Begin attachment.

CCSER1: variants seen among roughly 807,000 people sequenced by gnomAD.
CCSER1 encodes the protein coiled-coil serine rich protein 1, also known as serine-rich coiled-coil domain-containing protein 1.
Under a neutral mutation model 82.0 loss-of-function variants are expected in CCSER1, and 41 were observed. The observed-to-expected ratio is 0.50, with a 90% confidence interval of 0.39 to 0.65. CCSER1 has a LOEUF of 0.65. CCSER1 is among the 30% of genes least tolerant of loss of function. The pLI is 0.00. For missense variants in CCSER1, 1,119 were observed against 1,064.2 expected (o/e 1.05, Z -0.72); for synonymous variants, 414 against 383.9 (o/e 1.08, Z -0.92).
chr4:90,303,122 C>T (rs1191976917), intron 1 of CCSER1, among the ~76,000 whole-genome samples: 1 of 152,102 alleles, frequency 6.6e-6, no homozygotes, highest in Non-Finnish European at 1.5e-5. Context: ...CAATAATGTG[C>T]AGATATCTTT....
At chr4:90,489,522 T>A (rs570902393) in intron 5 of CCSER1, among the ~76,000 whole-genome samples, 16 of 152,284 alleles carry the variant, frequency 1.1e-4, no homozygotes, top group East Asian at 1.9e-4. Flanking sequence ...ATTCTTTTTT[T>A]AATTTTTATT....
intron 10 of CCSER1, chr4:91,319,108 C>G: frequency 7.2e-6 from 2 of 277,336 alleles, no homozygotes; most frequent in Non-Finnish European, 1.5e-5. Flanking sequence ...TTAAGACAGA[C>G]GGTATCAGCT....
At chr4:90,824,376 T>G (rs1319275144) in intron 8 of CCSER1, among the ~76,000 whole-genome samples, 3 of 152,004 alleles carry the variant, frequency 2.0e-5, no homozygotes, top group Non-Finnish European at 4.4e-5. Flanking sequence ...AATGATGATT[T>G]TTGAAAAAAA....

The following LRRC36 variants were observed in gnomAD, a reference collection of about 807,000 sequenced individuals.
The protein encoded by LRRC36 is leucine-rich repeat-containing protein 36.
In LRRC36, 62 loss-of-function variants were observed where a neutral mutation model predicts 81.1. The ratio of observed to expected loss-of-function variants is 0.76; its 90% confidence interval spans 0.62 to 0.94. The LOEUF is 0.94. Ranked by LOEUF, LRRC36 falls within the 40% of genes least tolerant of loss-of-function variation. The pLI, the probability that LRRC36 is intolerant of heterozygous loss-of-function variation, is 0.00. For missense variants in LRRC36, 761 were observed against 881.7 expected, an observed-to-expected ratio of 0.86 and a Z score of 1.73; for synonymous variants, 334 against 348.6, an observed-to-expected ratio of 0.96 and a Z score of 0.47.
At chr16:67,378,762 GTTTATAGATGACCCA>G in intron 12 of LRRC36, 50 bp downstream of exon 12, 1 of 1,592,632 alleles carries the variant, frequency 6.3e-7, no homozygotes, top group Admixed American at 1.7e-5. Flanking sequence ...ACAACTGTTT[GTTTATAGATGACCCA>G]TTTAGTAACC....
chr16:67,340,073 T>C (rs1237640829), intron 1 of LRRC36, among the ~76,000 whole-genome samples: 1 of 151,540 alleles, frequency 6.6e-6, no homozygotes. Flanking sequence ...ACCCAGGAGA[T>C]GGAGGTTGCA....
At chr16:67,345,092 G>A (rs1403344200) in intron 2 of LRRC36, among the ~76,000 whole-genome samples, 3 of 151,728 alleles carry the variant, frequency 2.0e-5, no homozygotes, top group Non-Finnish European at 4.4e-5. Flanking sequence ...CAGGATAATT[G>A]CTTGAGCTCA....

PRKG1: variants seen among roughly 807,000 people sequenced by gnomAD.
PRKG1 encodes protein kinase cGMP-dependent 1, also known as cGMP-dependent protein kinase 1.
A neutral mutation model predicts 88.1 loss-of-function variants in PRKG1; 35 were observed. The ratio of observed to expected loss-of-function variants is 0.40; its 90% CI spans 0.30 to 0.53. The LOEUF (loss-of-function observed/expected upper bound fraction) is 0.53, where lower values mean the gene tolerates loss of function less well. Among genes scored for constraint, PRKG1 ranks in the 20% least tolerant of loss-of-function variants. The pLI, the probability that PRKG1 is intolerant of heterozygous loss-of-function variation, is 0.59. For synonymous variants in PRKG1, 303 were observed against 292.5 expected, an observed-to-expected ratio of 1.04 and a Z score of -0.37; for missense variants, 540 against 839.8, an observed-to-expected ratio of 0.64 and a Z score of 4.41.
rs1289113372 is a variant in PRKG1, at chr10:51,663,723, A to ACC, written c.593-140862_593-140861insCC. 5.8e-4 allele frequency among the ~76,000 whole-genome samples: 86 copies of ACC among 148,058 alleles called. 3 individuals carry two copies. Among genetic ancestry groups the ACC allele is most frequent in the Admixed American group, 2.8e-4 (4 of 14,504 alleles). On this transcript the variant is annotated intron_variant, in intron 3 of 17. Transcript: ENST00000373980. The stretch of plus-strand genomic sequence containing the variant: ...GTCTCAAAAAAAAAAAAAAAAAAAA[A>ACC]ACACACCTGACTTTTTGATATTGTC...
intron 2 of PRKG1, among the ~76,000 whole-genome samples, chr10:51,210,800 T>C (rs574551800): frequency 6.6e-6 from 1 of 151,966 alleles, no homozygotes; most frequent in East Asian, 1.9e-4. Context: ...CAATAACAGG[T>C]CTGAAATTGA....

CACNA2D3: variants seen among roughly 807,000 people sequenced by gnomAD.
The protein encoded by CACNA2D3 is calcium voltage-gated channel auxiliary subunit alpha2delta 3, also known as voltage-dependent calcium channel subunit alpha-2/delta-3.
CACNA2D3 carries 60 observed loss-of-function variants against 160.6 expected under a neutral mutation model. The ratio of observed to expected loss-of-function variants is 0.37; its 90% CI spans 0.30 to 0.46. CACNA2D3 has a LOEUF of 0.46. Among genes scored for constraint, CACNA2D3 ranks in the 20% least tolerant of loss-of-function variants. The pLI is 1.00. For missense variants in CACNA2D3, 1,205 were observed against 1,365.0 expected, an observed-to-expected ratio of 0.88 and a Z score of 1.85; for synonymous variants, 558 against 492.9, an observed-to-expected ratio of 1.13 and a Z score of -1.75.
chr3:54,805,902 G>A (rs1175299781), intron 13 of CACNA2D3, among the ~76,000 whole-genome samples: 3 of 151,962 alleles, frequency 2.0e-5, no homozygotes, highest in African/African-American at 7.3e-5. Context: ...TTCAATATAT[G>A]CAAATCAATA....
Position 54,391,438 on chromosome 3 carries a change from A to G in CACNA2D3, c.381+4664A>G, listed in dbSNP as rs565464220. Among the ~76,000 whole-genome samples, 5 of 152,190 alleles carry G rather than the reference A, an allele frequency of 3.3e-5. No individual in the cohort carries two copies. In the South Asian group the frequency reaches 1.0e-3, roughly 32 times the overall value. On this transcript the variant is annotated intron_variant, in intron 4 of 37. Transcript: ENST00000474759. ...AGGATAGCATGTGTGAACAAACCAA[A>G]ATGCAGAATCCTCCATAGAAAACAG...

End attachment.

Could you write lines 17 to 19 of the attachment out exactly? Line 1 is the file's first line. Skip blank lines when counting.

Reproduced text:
rs1289113372 is a variant in PRKG1, at chr10:51,663,723, A to ACC, written c.593-140862_593-140861insCC. 5.8e-4 allele frequency among the ~76,000 whole-genome samples: 86 copies of ACC among 148,058 alleles called. 3 individuals carry two copies. Among genetic ancestry groups the ACC allele is most frequent in the Admixed American group, 2.8e-4 (4 of 14,504 alleles). On this transcript the variant is annotated intron_variant, in intron 3 of 17. Transcript: ENST00000373980. The stretch of plus-strand genomic sequence containing the variant: ...GTCTCAAAAAAAAAAAAAAAAAAAA[A>ACC]ACACACCTGACTTTTTGATATTGTC...
intron 2 of PRKG1, among the ~76,000 whole-genome samples, chr10:51,210,800 T>C (rs574551800): frequency 6.6e-6 from 1 of 151,966 alleles, no homozygotes; most frequent in East Asian, 1.9e-4. Context: ...CAATAACAGG[T>C]CTGAAATTGA....

CACNA2D3: variants seen among roughly 807,000 people sequenced by gnomAD.